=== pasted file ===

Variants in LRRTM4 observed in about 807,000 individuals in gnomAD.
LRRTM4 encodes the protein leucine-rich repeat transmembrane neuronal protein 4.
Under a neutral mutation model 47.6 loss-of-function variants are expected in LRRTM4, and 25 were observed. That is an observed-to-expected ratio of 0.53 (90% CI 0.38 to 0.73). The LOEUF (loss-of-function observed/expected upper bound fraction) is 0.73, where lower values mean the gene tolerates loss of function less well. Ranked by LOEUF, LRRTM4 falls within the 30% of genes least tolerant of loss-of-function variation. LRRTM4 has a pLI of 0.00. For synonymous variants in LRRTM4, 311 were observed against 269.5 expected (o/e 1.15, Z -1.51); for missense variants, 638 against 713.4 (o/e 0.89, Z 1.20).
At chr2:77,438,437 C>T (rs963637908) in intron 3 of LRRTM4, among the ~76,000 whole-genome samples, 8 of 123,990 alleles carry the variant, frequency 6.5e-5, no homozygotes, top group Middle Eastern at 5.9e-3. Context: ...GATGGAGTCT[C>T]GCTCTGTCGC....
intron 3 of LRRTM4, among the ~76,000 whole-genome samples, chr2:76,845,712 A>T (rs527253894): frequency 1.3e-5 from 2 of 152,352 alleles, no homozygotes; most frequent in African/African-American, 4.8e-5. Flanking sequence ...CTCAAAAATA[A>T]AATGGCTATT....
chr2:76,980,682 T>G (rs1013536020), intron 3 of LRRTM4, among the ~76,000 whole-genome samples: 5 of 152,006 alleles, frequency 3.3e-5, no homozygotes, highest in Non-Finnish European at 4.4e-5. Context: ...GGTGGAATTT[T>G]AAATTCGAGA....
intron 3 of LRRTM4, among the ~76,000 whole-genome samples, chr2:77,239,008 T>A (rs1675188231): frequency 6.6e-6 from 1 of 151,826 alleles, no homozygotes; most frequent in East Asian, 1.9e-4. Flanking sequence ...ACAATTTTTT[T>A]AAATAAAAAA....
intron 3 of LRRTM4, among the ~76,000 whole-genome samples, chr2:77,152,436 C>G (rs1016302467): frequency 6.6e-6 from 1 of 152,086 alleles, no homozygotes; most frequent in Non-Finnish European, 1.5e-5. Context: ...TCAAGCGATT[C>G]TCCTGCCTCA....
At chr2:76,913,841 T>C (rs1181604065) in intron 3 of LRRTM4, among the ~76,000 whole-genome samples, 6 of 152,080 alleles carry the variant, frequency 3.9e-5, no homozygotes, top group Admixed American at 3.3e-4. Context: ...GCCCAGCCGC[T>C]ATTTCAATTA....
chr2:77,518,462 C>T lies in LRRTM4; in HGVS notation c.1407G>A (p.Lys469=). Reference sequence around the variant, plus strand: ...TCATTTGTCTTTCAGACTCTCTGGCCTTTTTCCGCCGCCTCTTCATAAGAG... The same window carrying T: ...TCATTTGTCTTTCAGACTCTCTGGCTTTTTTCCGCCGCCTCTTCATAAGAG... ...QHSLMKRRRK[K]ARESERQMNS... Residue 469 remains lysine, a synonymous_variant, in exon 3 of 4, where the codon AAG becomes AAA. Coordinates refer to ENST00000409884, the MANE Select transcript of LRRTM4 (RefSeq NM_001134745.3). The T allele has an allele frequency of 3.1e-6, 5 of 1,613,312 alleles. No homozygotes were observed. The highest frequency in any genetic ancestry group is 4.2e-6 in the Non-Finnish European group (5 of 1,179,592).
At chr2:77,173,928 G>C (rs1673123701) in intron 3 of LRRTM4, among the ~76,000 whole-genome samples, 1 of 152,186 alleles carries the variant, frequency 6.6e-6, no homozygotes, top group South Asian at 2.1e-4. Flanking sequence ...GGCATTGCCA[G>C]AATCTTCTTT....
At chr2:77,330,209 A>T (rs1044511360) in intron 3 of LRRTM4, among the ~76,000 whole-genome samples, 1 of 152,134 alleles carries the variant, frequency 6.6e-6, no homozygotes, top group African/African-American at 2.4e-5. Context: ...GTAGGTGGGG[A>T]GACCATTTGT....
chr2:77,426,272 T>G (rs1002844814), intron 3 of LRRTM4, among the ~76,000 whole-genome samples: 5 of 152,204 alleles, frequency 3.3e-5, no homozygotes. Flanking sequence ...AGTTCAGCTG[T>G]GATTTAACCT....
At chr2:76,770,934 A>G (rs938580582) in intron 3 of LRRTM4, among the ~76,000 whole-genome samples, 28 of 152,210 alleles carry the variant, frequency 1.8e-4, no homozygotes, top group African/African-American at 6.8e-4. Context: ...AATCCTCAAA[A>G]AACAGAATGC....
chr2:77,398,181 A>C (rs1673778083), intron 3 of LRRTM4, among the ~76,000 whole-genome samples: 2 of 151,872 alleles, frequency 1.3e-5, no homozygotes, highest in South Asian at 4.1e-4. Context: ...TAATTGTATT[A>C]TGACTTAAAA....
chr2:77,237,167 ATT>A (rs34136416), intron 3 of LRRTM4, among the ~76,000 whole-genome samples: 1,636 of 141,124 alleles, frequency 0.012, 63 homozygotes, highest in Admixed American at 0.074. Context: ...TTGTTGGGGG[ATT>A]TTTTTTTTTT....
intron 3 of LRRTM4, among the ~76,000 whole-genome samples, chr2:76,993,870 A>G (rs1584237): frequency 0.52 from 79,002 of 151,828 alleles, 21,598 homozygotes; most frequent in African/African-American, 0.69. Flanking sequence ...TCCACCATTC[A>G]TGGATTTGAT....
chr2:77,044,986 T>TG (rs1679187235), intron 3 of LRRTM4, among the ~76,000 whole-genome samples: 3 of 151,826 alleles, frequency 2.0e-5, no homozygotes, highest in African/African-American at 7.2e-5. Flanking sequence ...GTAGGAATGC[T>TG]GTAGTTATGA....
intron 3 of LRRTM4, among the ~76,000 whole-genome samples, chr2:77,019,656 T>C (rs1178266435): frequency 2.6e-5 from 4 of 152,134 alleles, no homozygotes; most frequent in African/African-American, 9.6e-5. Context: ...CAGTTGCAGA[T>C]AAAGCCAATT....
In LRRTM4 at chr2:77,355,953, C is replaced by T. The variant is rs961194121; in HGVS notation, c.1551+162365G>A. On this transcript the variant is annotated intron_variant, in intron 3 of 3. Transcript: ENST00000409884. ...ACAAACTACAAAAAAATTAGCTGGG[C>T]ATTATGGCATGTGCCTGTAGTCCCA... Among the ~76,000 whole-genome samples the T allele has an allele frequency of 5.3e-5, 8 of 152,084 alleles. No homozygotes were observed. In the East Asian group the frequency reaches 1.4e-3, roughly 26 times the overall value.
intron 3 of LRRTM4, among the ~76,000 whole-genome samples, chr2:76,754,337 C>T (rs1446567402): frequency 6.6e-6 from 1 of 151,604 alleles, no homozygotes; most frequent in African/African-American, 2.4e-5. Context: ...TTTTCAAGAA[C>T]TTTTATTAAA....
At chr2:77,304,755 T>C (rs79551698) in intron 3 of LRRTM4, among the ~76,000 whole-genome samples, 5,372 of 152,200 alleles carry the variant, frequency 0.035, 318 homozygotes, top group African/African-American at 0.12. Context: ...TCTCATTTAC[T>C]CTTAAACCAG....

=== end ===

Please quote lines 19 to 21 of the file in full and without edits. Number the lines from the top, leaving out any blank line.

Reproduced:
intron 3 of LRRTM4, among the ~76,000 whole-genome samples, chr2:77,019,656 T>C (rs1178266435): frequency 2.6e-5 from 4 of 152,134 alleles, no homozygotes; most frequent in African/African-American, 9.6e-5. Context: ...CAGTTGCAGA[T>C]AAAGCCAATT....
In LRRTM4 at chr2:77,355,953, C is replaced by T. The variant is rs961194121; in HGVS notation, c.1551+162365G>A. On this transcript the variant is annotated intron_variant, in intron 3 of 3. Transcript: ENST00000409884. ...ACAAACTACAAAAAAATTAGCTGGG[C>T]ATTATGGCATGTGCCTGTAGTCCCA... Among the ~76,000 whole-genome samples the T allele has an allele frequency of 5.3e-5, 8 of 152,084 alleles. No homozygotes were observed. In the East Asian group the frequency reaches 1.4e-3, roughly 26 times the overall value.
intron 3 of LRRTM4, among the ~76,000 whole-genome samples, chr2:76,754,337 C>T (rs1446567402): frequency 6.6e-6 from 1 of 151,604 alleles, no homozygotes; most frequent in African/African-American, 2.4e-5. Context: ...TTTTCAAGAA[C>T]TTTTATTAAA....